Physical examination: Your orthopaedic doctor will test the hip’s range of motion and examine it for swelling and pain points. Your doctor will also test for muscle weakness, because muscles play an important role in protecting the hip joint from osteoarthritis. The physician may also assess a person’s stride and other hip movements. These physical examinations are preliminary treatment method to make a diagnosis. If this is found insufficient, further tests or examinations are made available. These diagnostic tools provide additional information that can reveal the extent of the hip arthritis and/or rule out other possible causes of the patient’s pain.
Radiological: X-ray: Cartilage doesn’t show up on X-ray images, but cartilage loss is revealed by narrowing of the space between the bones in your joint, X-ray shows bone spurs around the joint. Bone spurs are a normal sign of aging almost everyone over age fifty has some but they may proliferate as bones try to compensate for cartilage loss. These growths can create additional friction that can lead to pain. X-rays may show significant signs of hip osteoarthritis and yet the patient may not be in pain.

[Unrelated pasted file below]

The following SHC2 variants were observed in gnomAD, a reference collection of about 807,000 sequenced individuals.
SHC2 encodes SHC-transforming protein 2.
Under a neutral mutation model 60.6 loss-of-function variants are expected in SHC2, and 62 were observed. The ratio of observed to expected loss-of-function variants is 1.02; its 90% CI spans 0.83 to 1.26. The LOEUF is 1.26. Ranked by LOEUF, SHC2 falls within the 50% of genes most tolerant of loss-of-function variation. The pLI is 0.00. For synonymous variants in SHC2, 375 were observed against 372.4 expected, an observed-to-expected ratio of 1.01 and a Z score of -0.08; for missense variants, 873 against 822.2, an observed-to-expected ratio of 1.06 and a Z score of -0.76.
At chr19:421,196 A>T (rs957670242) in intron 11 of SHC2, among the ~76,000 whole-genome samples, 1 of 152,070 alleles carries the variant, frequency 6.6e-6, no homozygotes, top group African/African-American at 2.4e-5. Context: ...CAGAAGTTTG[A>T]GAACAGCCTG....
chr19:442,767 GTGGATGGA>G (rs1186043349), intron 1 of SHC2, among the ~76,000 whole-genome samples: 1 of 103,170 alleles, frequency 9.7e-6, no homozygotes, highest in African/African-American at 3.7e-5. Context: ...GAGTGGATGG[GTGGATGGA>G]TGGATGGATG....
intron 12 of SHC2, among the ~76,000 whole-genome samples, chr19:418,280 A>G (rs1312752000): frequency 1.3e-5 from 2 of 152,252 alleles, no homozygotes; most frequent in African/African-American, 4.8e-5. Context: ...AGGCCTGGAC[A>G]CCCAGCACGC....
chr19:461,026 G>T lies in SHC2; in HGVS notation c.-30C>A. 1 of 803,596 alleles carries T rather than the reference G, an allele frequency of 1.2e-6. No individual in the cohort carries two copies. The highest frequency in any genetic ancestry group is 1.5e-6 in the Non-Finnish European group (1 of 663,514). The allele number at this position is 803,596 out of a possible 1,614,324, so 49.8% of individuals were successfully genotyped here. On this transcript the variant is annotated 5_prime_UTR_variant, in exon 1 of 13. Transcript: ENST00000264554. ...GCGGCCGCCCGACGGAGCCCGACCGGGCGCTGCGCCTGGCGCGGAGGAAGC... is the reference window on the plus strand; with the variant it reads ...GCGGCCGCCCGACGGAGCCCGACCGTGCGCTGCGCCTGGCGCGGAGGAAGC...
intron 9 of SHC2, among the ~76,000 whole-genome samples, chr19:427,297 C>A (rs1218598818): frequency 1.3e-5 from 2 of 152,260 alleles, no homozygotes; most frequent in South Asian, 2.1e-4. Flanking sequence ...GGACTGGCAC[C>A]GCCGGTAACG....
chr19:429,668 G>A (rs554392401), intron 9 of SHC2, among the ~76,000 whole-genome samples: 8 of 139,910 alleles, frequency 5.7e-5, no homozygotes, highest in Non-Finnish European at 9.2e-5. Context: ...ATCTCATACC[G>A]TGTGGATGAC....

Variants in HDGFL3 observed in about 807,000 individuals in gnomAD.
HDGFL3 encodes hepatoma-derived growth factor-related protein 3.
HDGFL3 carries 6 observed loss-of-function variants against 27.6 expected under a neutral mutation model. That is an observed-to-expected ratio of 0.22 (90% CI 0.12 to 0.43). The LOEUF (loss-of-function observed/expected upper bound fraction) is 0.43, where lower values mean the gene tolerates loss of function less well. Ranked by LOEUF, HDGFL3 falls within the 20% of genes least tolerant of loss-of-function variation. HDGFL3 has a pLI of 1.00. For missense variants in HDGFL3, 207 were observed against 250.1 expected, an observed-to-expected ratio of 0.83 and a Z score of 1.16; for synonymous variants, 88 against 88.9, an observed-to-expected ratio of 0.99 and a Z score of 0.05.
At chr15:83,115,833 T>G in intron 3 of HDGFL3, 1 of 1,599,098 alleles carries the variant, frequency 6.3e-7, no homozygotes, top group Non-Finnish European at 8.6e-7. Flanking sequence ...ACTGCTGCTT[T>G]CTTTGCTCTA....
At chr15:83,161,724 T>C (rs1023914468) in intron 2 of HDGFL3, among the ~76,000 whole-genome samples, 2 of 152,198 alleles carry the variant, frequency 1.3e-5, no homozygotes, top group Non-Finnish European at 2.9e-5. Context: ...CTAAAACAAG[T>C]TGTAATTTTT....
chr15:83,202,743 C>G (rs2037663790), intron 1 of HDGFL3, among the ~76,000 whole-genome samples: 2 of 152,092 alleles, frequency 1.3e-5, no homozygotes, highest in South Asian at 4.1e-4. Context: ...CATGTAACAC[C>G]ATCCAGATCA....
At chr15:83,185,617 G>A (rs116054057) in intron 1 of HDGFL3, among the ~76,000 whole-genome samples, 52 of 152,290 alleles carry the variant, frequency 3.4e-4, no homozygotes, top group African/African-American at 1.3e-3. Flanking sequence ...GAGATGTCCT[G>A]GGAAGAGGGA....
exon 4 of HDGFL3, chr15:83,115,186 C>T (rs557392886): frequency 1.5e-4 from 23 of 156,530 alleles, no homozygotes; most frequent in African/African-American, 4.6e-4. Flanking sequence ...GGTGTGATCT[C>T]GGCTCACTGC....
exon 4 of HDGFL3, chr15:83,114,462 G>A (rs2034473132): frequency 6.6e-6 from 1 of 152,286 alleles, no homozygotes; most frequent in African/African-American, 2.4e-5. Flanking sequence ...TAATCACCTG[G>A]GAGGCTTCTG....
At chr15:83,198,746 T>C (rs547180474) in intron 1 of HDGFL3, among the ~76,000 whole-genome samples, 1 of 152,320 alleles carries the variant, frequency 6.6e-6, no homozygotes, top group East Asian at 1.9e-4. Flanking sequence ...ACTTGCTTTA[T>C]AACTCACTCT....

MRI: An MRI uses radio waves and a strong magnetic field to produce detailed images of bone and soft tissues, including cartilage. An MRI isn’t commonly needed to diagnose osteoarthritis but can help provide more information in complex cases. An MRI is ordered if the doctor finds X-rays to be inconclusive or the doctor suspects something other than osteoarthritis as damage to the hip bone. An MRI is not required in most cases as it is time-consuming and expensive than X-rays.
Ultrasound: It proves beneficial in evaluating the soft tissue structures that surround the hip joint such as tendons, muscles and end of labrum. It shows an abnormal increase in synovial fluid.
Lab test: Done to rule out infection or types of inflammatory arthritis which can be one of the reasons for hip pain. It requires a small amount of blood or a sample of fluid from hip joint.